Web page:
They're dvd-trade-in program isn't all it's cracked up to be though. It's only worthwhile if the dvd you're trading is both worthless to you AND worthless to sell yourself. Doing the math, if you can sell the dvd for just $3, you're about better off selling it than trading it to BB. Of course, if you've got a dvd that skips, is only worth a buck it's condition, or that you bought at the Dollar Tree for a buck or as little as 25 cent, trading makes more sense, even though, most of the time, the movies seem to fall to after-trade prices not long after the trade-in promotions end. Case in point: BB's recent 2 for $10 and 3 for $15 promotions that include a lot of the titles that were 9.99 during their dvd trade-in deal. Or how, in the past, they've often dropped 9.99 titles to 7.99 after the trade-in program ends, negating the trade-in deals by $2, as little as a week after the promotion. Or 19.99 new releases that drop to 14.99 a month after release. Half of the time I trade a dvd to BB, I end up seeing the same or better deal within a month or two, without having to sacrifice a dvd. And I'm one of the seeming few who actually researches the value of the dvd before trading, not one of those trading in movies still going for 5-10 bucks used or even are OOP and selling for 20-80 dollars (used).
I don't know why you people despise amazon so much. Amazon is the best online store I ever used. I saved alot of cash. The only reason why you people are complaining is because you buy NEW prosucts directly from amazon or a third-party retailer. NEW products are overpriced and aren't worth you money(Best Buy included). You might as well go to the store. Plus, I buy all my blurays used from amazon with the "very good" or "like new" condition. It saves you money with it's lower prices and it is like owning something new. Never had any problems with it. You just have to make sure you buy from a trusted private retailer.
@hyperman: Not to point out the obvious, but this news topic is about "new" products, not "used". I've bought a lot of used items through amazon in the past: Most were advertised as like-new, but arrived in good to very good condition at best, or even damaged (not shipping damage, I'm talking markered through library stamps on deluxe hardcover books, with torn and misprinted pages being sold as "like-new". That said, amazon's warehouse deals prices aren't nearly as appealing as they used to be. I've even seen amazon sell movies brand new for less than their used warehouse deals price on many occasion, as if they marked down the new price and forgot about their used store. But, these days, their warehouse deals store is in extremely short supply and more often than not, an unreasonably small discount over the brand new price, unless you think it's worth saving as little as a buck for an item that may be scratched, come in a generic replacement case, a broken case, missing the dcopy, or missing the slipcover.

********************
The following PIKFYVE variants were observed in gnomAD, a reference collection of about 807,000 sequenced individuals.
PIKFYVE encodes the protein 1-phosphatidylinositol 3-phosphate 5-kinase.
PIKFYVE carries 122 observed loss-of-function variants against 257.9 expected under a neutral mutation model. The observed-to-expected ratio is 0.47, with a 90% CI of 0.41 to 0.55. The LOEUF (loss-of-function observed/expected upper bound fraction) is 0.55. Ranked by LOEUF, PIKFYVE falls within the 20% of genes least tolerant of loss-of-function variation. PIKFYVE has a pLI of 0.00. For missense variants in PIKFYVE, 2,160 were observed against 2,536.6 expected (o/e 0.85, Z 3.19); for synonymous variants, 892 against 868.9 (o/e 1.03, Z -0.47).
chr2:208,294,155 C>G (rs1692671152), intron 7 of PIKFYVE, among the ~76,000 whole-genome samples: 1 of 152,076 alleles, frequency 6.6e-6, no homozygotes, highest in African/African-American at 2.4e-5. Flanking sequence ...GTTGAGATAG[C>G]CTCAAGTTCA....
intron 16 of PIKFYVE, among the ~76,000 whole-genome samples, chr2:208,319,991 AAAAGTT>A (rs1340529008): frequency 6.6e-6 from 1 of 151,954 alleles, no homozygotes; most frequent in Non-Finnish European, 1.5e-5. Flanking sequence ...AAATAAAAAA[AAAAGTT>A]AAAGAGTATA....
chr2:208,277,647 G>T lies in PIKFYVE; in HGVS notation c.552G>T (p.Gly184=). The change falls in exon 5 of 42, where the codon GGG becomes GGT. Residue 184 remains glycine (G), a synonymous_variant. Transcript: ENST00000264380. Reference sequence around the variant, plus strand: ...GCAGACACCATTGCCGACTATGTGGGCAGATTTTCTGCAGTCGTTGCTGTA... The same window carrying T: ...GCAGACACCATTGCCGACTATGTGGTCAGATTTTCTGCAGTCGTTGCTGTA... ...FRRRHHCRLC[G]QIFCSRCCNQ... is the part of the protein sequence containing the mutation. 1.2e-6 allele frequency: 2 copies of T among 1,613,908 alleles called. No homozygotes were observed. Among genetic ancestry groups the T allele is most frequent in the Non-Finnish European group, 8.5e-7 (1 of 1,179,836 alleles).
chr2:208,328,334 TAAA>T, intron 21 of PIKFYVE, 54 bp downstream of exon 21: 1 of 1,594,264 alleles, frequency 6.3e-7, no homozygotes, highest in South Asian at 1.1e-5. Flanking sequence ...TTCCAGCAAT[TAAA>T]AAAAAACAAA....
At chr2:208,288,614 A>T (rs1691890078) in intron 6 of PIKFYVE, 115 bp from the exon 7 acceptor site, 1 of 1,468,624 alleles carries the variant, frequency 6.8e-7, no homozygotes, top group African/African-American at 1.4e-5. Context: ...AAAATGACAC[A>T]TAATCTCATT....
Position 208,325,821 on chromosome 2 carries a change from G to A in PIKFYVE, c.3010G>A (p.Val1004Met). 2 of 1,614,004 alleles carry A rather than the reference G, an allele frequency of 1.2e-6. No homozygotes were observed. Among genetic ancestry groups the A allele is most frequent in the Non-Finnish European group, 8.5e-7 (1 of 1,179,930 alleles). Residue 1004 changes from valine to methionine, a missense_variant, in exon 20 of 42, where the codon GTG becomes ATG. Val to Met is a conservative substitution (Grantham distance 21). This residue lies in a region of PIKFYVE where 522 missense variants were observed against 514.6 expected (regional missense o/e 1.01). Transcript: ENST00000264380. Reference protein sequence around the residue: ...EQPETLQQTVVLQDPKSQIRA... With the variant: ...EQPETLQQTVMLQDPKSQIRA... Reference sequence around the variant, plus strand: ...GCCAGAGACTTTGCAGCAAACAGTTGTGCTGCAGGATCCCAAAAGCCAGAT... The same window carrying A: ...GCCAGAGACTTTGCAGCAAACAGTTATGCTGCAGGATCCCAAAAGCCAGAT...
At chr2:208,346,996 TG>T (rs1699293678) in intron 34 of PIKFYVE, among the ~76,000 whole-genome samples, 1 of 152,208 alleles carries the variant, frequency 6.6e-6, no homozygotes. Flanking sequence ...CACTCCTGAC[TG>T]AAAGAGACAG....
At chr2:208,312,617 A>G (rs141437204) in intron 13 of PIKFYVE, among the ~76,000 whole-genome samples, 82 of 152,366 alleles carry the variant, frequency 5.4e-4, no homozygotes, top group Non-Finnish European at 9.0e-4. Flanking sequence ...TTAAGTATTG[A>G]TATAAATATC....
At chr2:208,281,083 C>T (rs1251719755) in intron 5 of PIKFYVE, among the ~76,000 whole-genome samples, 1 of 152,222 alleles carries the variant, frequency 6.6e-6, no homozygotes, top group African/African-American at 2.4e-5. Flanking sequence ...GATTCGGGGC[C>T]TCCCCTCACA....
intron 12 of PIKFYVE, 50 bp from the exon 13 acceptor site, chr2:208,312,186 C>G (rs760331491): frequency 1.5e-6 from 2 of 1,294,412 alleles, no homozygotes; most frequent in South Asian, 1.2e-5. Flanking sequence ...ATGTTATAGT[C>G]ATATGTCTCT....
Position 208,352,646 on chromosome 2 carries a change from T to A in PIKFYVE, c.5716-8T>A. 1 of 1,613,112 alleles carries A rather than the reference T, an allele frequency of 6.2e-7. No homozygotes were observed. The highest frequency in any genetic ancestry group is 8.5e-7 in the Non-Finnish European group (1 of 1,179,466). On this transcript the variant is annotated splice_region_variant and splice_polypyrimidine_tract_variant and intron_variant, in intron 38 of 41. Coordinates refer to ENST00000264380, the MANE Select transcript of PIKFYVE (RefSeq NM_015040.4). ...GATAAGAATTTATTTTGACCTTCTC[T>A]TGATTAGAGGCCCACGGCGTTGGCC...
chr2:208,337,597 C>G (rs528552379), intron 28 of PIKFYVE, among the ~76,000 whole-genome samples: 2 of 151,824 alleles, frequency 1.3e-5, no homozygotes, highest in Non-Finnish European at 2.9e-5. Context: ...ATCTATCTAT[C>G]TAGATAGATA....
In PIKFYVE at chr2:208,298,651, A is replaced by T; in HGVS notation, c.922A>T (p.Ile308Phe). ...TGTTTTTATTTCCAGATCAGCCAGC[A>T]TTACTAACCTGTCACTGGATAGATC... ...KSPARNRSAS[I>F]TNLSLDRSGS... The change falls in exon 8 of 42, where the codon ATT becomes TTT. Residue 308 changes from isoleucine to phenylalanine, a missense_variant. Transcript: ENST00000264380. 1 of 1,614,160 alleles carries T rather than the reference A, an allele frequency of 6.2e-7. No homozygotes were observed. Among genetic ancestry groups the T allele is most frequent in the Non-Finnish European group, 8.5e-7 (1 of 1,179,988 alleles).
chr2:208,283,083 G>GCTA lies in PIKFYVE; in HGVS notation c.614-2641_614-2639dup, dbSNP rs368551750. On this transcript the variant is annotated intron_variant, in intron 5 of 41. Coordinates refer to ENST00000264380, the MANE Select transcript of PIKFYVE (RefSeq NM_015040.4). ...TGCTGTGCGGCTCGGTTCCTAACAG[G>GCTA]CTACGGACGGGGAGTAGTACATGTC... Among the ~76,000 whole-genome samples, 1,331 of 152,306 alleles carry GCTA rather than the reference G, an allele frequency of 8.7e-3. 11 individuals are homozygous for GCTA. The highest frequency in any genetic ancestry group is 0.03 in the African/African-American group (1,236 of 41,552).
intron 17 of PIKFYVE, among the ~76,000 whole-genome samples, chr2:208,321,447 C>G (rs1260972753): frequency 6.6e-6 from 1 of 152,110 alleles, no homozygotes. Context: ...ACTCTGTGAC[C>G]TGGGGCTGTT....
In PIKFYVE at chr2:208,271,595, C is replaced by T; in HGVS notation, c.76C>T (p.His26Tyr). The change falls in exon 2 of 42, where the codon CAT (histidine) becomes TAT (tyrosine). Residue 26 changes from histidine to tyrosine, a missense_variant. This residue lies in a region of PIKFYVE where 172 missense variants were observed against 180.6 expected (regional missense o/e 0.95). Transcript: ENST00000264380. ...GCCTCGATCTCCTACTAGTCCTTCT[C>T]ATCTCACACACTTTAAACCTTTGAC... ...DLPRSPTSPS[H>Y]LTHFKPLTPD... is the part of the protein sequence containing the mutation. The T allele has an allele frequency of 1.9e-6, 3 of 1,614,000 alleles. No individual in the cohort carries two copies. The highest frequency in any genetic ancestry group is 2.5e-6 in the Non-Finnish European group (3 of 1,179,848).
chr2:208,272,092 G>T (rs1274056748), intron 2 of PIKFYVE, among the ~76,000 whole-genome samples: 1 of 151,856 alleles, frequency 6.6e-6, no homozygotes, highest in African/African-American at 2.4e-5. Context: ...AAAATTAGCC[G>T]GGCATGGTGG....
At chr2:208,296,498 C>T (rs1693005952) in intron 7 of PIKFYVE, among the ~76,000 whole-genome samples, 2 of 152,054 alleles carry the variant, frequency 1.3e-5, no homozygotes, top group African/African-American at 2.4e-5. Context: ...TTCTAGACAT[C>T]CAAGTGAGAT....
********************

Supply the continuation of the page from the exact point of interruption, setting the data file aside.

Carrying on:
I'm not knocking buying used. I have purchased a large portion of my collection that way. But if you are going that route there are much, MUCH, MUCH!!! better places than amazon for used movies too. So, whether you're buying new or used, if you're still blindly trusting amazon to have the best price, you're in for a surprise. Amazon's focus has shifted from using their buying power and low internet overhead that allows them to offer items at a better price, to charging the same as their chief brick-and-mortar competitors, so they can build more warehouses for faster shipping speeds down the road.